game of thrones


game of thrones

The tech scene is full of bullshit and fakery, plain and simple. We all need to understand our role in a team and be aware of the real intentions behind every piece of work we do if we want to survive.

In tech, we often mix up the concepts of product understanding and business understanding, thinking they're the same thing. But they're not. Business is just politics, and it's important to recognize that. Don't get fooled by thinking that understanding the product is the same as understanding the business - it's not.

Product understanding

How my work makes ‘the company’ make more money.

Politics/Business understanding

How my work makes ‘me’ make more money.

Here are two examples of how politics work in a tech company from both a managerial and individual contributor perspective:

  • A manager wants a promotion or a raise, so they start a new initiative to improve a metric. They create a new product, which requires an increase in headcount. The team grows, delivers the product, and moves the metric. Now the manager has a success story to justify their promotion or raise. More headcount means more money for the manager.
  • A software engineer wants a promotion or a raise, so they start a new initiative to improve a metric. They create a new product, which requires a development process, architecture design, and involves more people. The team develops the product, which moves the metric. Now the software engineer has a success story to justify their promotion or raise. More architecture means more money for the engineer.

Here's a fact no one talks about: after a year or two, someone else will come along and do the same thing. They'll move your metric, redo your work, or replace it with something newer and cooler. In the end, the impact of your original work will be zero. But politically, it's good. More products mean more headcount, more metrics, and more opportunities for growth and compensation for everyone.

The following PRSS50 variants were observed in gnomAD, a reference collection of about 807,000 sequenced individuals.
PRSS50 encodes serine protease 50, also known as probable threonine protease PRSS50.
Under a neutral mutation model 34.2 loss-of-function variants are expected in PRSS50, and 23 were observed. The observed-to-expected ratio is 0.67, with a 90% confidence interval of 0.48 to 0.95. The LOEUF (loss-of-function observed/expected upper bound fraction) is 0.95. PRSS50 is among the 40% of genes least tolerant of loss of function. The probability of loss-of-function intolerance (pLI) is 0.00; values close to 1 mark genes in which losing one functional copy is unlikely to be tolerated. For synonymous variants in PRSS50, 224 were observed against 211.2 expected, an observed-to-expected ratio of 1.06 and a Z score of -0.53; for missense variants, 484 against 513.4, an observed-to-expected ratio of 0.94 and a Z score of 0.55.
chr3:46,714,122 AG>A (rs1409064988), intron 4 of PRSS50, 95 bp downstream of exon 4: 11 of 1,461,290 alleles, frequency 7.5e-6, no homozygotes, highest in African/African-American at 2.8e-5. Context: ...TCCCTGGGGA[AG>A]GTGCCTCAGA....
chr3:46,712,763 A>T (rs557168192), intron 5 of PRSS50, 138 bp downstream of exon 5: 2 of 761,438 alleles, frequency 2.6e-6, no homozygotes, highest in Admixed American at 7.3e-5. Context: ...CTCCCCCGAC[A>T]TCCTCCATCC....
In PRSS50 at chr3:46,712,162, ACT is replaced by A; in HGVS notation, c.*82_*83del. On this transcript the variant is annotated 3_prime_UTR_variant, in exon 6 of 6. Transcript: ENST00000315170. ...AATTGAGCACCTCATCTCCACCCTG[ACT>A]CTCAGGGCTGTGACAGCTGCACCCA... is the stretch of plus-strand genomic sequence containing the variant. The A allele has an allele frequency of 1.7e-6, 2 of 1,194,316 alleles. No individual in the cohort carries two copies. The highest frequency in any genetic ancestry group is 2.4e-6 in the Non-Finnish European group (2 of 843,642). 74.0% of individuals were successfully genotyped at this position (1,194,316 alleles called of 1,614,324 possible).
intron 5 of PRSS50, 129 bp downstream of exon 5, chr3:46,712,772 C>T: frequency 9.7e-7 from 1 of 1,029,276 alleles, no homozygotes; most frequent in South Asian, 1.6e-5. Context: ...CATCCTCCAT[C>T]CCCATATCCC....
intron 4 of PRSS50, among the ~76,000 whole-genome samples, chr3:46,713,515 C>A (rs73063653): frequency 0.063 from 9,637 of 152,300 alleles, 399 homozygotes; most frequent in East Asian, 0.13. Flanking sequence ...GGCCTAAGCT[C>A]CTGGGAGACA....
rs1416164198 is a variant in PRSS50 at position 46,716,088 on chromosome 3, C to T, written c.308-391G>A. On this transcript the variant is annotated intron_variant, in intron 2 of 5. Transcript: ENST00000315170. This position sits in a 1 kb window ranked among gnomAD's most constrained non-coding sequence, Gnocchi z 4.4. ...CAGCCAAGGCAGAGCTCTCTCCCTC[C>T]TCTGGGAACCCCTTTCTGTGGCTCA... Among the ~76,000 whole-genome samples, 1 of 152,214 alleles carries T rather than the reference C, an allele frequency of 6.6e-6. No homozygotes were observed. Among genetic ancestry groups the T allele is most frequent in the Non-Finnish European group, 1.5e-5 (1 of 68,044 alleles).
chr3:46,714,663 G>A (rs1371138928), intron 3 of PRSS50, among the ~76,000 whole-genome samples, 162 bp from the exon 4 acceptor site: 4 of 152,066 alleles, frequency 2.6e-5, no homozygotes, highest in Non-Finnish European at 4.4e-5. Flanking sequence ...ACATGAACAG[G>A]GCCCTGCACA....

Here are some typical ways to improve your politics skills and move metrics to justify promotions or salary increases:

  • Adding complexity to products: this could be done by introducing new features, products, use cases, experimentation, or promoting collaboration between teams.
  • From a technical perspective: introducing new technology, refactoring, complex architecture, complex design patterns, talks, and workshops.

It's important to focus on metrics that are easy to move and have short delivery times. The manager who approves the initiative also has metrics that they want to move quickly, and the C-Level also has quick metrics they want to move. Over time, the manager who initiated the initiative may leave the company, and the original developer team that delivered the product may have jumped to another company for a big salary increase, thanks to their metric-driven resume. If we focus on political metrics, we attract political talent.

Responsibility doesn’t exist

When it comes to responsibility in the tech industry, it's important to understand that it doesn't really exist. This may be a hard truth to swallow, particularly for managers who aren't involved in the actual building of software.